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Gambling-Addiction Study Gets Out Of Hand

LAS VEGAS, NV—A gambling-addiction study by researchers at UNLV's Gaming Studies Research Center has "gotten way out of hand," sources close to the project reported Monday.

Addiction & Behavior

"Just one more sample group," said study director Robert Layton, nervously snapping the clasp of his lucky clipboard. "I have a hunch about this batch, a real hunch. I think it's gonna be a honey."

Layton, who has been conducting research in the lab and the field since March 2001, is studying relapse rates in habituated long-term gamblers. He is aided in his research by colleagues Dr. Steven "Shooter" Ojeda, Dr. "Big" Arnold Stangel, and non-faculty laboratory assistant Fancy Nancy, who was enlisted in the belief that she might, for reasons unknown, have a favorable effect on results.

The study, which is now nearly $10 million over budget, was supposed to have been completed by this past May. Layton continues to gather data, however, insisting that the big breakthrough, or "payoff," is just around the corner.

"The last dozen subjects looked like they'd plot a near-perfect obsessive-pattern distribution curve once their habits were charted," Layton said. "They fell into two groups of six on both sides of the line. Classic boxcars. And a researcher whose office is right across from mine just hit it big studying the effects of class and religion on betting habits, so I figure I gotta be next."

"The lack of results so far, sure, it's discouraging," Ojeda said. "But this baby's so fat with data, we're due for a big payout. That's the way it is in this business of high-stakes research. One big winning test group can make your whole study."

Layton expressed confidence that "major findings" will come soon.

Gamblers at the Las Vegas Luxor play blackjack, one of the many games the UNLV team wants just a little more time to study.

"Unlike some of the researchers out there, we've got a system that works," Layton said. "The University of Nevada–Reno guys, for example, they use a Von Rhiemann-style control group to enhance certain values in figuring their results. The difference is, we know how to twist its tail—you know, finesse it."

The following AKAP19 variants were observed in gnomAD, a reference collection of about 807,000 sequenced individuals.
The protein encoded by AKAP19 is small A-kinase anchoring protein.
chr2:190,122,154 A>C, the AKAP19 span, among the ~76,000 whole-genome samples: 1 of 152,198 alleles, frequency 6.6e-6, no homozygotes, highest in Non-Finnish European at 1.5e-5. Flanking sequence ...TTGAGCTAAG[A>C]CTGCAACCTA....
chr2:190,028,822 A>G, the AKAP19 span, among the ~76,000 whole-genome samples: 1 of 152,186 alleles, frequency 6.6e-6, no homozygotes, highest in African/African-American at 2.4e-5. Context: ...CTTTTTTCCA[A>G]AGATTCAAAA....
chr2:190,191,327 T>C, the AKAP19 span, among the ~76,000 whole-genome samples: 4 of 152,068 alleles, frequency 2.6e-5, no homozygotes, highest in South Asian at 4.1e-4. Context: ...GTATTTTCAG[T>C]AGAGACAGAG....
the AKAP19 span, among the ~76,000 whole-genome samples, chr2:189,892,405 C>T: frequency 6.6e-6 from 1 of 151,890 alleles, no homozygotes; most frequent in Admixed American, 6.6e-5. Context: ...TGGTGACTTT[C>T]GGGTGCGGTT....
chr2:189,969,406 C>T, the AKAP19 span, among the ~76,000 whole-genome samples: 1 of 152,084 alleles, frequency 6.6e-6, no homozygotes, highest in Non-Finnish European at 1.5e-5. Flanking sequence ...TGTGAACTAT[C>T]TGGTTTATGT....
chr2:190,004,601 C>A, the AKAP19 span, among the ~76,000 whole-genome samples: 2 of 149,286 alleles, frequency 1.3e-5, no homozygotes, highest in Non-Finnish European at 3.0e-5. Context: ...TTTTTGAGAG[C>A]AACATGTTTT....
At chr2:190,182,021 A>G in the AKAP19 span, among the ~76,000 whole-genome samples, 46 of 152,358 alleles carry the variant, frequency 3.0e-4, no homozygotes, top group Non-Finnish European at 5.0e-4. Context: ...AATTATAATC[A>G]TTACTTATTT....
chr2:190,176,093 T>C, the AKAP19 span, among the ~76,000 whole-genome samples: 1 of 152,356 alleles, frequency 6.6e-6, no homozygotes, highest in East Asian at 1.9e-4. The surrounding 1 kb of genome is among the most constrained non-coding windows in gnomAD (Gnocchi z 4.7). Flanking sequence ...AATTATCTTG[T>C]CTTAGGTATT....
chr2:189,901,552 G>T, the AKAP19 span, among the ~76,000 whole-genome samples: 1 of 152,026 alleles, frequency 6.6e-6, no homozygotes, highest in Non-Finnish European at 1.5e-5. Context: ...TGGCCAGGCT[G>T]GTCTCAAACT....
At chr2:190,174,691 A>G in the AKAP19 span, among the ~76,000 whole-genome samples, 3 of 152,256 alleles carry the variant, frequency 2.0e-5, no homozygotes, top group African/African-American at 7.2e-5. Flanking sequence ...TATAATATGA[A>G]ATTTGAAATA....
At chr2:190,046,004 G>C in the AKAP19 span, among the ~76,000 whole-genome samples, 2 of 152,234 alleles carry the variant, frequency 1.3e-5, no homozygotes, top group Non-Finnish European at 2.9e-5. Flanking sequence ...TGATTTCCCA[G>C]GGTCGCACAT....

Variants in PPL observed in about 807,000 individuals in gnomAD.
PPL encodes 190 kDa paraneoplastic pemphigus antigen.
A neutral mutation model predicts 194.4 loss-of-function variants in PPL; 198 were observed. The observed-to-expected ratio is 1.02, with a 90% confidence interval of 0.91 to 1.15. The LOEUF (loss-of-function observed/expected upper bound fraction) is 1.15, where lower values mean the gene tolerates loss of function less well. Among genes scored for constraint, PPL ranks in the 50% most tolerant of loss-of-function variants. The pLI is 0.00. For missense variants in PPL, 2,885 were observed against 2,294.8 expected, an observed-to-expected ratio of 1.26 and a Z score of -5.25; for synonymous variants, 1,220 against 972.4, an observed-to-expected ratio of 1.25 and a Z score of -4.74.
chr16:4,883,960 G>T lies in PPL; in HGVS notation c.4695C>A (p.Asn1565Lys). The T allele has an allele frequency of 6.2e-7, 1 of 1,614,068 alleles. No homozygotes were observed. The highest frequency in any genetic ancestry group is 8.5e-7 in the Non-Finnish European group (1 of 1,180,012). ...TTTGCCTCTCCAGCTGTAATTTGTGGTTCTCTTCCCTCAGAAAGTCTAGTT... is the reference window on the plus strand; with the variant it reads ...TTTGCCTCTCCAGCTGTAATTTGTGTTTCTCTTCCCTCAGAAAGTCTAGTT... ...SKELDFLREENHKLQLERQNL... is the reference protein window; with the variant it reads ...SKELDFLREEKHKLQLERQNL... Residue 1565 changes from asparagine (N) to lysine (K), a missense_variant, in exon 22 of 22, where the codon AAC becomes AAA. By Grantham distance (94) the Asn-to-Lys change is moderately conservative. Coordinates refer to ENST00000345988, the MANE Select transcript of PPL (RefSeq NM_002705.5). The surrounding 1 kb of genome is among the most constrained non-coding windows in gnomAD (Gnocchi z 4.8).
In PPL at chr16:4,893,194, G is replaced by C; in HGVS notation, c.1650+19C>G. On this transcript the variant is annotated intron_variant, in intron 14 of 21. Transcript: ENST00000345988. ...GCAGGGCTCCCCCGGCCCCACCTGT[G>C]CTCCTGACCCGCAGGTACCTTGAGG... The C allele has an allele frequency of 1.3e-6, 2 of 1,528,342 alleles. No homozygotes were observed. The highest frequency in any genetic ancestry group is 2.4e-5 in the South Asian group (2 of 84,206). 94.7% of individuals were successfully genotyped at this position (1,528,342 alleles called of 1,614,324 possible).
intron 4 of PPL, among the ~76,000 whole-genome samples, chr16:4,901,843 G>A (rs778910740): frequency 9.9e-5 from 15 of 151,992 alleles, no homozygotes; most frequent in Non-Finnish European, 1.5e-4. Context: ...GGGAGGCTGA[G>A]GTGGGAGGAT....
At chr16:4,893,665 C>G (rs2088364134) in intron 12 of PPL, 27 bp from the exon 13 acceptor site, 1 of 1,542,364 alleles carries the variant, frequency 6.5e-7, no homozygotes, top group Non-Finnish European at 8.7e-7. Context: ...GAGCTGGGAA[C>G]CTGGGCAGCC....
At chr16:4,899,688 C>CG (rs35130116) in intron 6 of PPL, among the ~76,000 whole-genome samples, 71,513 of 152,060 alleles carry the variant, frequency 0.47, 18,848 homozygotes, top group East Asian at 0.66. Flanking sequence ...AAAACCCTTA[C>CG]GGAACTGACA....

Others at UNLV do not share Layton's optimism.

"They've been talking about hitting it big ever since the study began," said Howard Leventhal, a UNLV professor of social psychology and illness. "But there have been no results. Which is strange, when you consider how much time and effort they've put in. I mean, last month, Dr. Ojeda took out a second mortgage on his house because of some 'sure thing' he had."

Added Leventhal: "I told them not to bet the farm on anything based on classical conditioning. But there's something about a researcher that can't resist the long shots. Goes back to Skinner."

Though they admit that the project has taken far longer than expected, members of Layton's team insist that their efforts will be well worth it in the end.

"Why spend your time studying habituation patterns of office-drone Joes and Janes when the payoff here is potentially so much bigger?" Ojeda said. "Besides, as long as you're spending lots of time at the tables collecting data, the coffee's free. Can't beat that with a stick."

Ojeda then excused himself to investigate a hot tip concerning the borderline obsessive-compulsive behavior of adult children of abusive alcoholics taking in the fifth race at Santa Anita.

"Baby, this one is the big one, I can feel it," said Stangel, holding a CD-ROM of raw data to his ear and shaking it. "This contains data from control groups seven and eleven, stuff we'd thrown out because it seemed so blue-sky, but we were thinking too hard and not going with our gut. Sometimes, the scientific method can lead you wrong, you know?"

"Seven-eleven! Seven-come-eleven!" said Stangel, pausing to let Fancy Nancy blow on the disc. "Daddy needs a new paradigmatic skew!"

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